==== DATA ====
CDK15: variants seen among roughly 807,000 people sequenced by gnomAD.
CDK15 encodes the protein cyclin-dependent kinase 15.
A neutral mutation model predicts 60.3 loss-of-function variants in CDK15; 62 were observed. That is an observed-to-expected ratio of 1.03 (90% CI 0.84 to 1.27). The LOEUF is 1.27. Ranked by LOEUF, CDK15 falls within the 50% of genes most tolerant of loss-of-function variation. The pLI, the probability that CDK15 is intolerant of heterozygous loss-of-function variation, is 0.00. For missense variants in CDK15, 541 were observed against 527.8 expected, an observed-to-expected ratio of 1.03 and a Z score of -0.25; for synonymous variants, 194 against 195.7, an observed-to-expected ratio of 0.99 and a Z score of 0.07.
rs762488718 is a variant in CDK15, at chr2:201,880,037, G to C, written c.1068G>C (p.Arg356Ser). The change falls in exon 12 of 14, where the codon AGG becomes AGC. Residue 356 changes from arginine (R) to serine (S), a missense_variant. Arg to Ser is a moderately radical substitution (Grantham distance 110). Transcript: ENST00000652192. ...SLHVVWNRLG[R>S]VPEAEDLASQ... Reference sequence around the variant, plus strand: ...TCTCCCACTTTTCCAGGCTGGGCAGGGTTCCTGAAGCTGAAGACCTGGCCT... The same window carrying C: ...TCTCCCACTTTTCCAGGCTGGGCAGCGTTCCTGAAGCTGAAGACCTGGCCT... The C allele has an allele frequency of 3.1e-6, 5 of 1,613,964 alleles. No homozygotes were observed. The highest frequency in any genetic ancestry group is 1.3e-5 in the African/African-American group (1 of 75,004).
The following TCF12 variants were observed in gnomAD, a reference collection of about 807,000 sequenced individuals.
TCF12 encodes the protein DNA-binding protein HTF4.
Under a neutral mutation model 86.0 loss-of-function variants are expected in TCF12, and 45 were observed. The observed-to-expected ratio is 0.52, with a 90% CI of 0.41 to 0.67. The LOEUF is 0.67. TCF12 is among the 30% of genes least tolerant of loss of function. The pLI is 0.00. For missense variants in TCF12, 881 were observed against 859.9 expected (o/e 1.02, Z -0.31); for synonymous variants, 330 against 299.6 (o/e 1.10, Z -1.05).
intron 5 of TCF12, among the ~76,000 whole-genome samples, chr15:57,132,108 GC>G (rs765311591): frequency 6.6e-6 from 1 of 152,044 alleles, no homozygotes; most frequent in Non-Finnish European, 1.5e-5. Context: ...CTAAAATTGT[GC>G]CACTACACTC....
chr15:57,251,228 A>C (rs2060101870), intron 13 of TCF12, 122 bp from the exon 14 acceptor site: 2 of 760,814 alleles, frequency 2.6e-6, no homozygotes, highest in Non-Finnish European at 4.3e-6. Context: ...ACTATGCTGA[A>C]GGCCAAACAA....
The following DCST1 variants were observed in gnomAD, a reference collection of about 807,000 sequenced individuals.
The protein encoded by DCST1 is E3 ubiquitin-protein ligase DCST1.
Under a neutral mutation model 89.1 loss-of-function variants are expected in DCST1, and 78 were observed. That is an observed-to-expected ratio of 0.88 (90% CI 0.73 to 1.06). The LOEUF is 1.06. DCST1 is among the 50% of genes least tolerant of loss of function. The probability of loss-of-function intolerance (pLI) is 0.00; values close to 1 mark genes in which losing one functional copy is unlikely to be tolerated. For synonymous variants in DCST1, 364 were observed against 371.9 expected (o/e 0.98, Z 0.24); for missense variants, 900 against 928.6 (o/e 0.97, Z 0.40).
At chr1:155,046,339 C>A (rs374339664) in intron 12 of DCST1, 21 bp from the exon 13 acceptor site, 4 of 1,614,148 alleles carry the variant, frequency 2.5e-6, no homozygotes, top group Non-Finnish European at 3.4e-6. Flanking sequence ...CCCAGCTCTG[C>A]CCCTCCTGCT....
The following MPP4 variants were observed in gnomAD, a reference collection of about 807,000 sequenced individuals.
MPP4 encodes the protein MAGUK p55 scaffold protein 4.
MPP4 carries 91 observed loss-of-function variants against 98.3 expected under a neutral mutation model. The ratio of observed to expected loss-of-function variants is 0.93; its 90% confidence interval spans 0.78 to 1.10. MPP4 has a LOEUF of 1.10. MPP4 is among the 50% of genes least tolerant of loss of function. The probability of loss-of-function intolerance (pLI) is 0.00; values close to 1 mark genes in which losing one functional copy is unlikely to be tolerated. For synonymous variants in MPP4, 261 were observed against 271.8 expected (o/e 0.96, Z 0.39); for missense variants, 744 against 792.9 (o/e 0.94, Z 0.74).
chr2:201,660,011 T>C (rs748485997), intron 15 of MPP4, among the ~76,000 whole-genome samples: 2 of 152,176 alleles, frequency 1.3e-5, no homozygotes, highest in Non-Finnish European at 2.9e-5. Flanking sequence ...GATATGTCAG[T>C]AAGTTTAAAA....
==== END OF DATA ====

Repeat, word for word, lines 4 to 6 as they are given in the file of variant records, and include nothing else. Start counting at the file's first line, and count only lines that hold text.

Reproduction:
rs762488718 is a variant in CDK15, at chr2:201,880,037, G to C, written c.1068G>C (p.Arg356Ser). The change falls in exon 12 of 14, where the codon AGG becomes AGC. Residue 356 changes from arginine (R) to serine (S), a missense_variant. Arg to Ser is a moderately radical substitution (Grantham distance 110). Transcript: ENST00000652192. ...SLHVVWNRLG[R>S]VPEAEDLASQ... Reference sequence around the variant, plus strand: ...TCTCCCACTTTTCCAGGCTGGGCAGGGTTCCTGAAGCTGAAGACCTGGCCT... The same window carrying C: ...TCTCCCACTTTTCCAGGCTGGGCAGCGTTCCTGAAGCTGAAGACCTGGCCT... The C allele has an allele frequency of 3.1e-6, 5 of 1,613,964 alleles. No homozygotes were observed. The highest frequency in any genetic ancestry group is 1.3e-5 in the African/African-American group (1 of 75,004).
The following TCF12 variants were observed in gnomAD, a reference collection of about 807,000 sequenced individuals.
TCF12 encodes the protein DNA-binding protein HTF4.